Cassio
Share on FacebookShare on TwitterShare on Google BookmarksShare on DeliciousShare on RedditShare on Digg

Peter Jeffree's Photos of the House F O L C Art Gallery


Modern Cassiobury is the area at the northern end of Watford High Street. Its name is derived from the ancient names for the land and the people who once lived there. However its exact location, in ancient times is unclear. A Roman trackway is thought to have passed through it.

The Cassi were a tribe existing at the same time as the Iceni (Boudicia's tribe) who lived in what is now known as Buckinghamshire, Bedfordshire and Hertfordshire.


Quotation from Wikepedia Cassiobury Park page:

" Caesegsho and cashio are earlier names for the area or for the hamlet that existed in the area.

The name "Caegesho" referred to a larger area of land granted by Offa to the Abbey of St Albans in 793. "Caeg" (Old English cæg) may have been a man's name, while Old English ho means "a spur of land" (see Hoo). It was spelled "Caissou" or "Chaissou" in the 11th century and gradually evolved into "Cassio". The suffix "-bury" occurs in many English place names. It comes from the Old English word for a fortified place, burh, whose dative, byrig, means "by the fort", or "by the manor".

Cassio in many people’s minds is Cassiobury, but Cassio (with its several old spellings) is the root of the names of both a much larger area, Cashio Hundred (called Albanstow in the Domesday book), and a manor called Cassio within it.

“from A Mapp of Hartfordshire, by Richard Blome, 1673”

Using the zoom facilities of your browser will enable you to see the locations of the 8 manors within Albanstow (later called Cashio number 7 is the manor of Cassio.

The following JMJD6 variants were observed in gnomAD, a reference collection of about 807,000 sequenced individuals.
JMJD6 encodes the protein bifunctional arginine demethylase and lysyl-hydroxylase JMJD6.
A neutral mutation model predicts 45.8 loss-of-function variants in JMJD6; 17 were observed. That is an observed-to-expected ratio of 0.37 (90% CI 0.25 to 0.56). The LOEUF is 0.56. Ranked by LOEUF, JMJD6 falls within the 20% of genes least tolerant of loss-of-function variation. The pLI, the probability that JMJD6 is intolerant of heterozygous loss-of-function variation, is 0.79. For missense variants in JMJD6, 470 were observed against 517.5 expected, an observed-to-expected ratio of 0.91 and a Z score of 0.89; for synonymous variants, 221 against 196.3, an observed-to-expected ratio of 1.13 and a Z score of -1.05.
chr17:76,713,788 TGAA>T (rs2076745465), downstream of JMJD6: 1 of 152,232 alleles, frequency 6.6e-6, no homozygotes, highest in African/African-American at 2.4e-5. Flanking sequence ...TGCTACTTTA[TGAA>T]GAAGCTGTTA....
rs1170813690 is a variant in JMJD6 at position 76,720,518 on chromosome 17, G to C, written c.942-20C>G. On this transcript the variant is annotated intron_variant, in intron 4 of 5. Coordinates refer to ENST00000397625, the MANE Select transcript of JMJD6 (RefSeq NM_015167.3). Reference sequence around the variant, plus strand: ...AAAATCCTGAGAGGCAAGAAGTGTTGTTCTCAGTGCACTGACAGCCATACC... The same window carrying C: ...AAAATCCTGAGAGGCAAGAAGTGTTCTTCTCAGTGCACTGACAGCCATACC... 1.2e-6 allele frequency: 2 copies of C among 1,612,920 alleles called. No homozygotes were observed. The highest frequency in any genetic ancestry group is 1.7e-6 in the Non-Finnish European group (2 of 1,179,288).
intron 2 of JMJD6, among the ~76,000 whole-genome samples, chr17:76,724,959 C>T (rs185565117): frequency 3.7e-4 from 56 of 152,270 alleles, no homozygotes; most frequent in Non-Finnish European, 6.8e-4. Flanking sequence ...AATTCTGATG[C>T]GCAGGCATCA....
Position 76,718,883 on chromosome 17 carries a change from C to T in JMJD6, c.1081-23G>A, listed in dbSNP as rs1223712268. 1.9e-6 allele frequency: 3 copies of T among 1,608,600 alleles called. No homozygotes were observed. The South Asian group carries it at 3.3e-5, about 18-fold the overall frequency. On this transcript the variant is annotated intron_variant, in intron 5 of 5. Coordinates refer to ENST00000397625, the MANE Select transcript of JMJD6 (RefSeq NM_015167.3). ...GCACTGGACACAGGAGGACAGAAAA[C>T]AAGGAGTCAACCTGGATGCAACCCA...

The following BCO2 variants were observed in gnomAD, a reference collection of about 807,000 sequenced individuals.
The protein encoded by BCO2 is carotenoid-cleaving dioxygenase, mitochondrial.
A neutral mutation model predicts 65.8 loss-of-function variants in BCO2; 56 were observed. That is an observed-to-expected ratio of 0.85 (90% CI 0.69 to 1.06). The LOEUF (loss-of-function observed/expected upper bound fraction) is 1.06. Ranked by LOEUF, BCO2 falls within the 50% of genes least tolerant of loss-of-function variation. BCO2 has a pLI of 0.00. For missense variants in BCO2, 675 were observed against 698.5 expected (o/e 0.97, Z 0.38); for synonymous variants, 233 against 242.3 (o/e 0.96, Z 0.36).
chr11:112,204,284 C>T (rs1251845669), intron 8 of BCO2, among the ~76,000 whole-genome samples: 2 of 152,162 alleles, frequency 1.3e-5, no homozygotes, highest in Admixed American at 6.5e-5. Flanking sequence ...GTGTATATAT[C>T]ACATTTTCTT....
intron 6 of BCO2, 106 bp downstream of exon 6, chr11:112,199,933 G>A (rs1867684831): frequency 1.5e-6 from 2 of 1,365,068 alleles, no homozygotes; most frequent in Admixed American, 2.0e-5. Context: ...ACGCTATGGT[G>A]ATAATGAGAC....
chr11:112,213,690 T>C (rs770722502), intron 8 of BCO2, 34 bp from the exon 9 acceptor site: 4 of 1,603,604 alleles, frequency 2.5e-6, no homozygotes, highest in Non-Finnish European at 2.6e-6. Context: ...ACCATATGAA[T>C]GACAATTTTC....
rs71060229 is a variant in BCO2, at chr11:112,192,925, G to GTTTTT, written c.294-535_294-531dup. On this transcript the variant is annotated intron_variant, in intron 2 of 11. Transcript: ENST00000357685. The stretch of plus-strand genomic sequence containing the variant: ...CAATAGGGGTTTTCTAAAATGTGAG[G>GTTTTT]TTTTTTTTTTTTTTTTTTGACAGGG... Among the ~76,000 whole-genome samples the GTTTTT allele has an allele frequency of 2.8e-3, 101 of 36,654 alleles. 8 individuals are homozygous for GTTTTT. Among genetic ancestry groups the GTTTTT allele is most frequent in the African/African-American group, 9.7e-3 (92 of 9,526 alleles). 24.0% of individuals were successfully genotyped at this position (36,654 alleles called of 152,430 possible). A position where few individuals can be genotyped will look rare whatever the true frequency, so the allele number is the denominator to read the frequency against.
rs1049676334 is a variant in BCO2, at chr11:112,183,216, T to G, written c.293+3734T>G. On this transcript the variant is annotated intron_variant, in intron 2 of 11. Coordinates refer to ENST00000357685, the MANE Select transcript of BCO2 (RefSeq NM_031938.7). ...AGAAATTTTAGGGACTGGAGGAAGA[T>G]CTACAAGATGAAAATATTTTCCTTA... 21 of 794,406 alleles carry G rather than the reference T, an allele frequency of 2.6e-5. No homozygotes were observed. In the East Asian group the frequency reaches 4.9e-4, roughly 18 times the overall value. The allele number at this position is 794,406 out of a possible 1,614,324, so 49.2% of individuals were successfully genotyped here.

They are:-

1  St. Paul's Walden

2  Sandridge

3  St. Albans

4  Hanstead (House)

5  Shenley

6  Aldenham

7  Cassio

8  Rickmansworth

The map above and the photo of the page below are from the Phillmore Domesday Book ((Hertfordshire) 1976; ISBN 0 85033 137 4)

Its map of Hertfordshire (drawn by Jim Hardy) shows the 1086 boundaries of the hundreds where Cashio Hundred is identified with a capital C.

In CASHIO Hundred (Albanstow)

The Abbot holds RICKMANSWORTH himself. It answers for 15 hides. Land for 20 ploughs. In lordship 5 hides; 3 ploughs there; a further 2 possible.

4 Frenchmen and 22 villagers with 9 smallholders have 14 ploughs; a further 1 possible. 5 cottagers; 5 slaves. 1 mill at 5s 4d; meadow for 4 ploughs; from fish, 4s; pasture for the livestock; woodland, 1200 pigs

Total value £20 10s; when acquired £12; before 1066 £20. St. Albans held and holds this, manor in lordship.

The Abbot holds Cassio himself. It answers for 20 hides. Abbot holds 19 of them. Land for 22 ploughs. In lordship 6 hides; 5 ploughs there; a sixth possible.

3 Frenchmen and 36 villagers with 8 smallholders have 15 ploughs; a further 1 possible. A further 3 smallholders; 2 slaves. 4 mills at 26s 8d; meadow for 22 ploughs; pasture for the livestock; woodland, 1000 pigs.

Total value £28; when acquired £24; before 1066 £30. St. Albans held and holds this manor in lordship.

in ALDENHAM Geoffrey of Bec holds 1 hide under the Abbot, Land for 1 plough, but the plough is missing.

2 cottagers. woodland, 100 pigs.

The value is and was 12s; before 1066, 20s.

Black, St. Albans’ man, held this land; he could not sell.

Text from the Domesday Book for Cassio Manor

The 11th century Latin and translated texts for Cassio manor from the Phillmore Domesday Book (Hertfordshire). While the units of measurement are archaic and open to interpretation they can be usefully translated. For example:-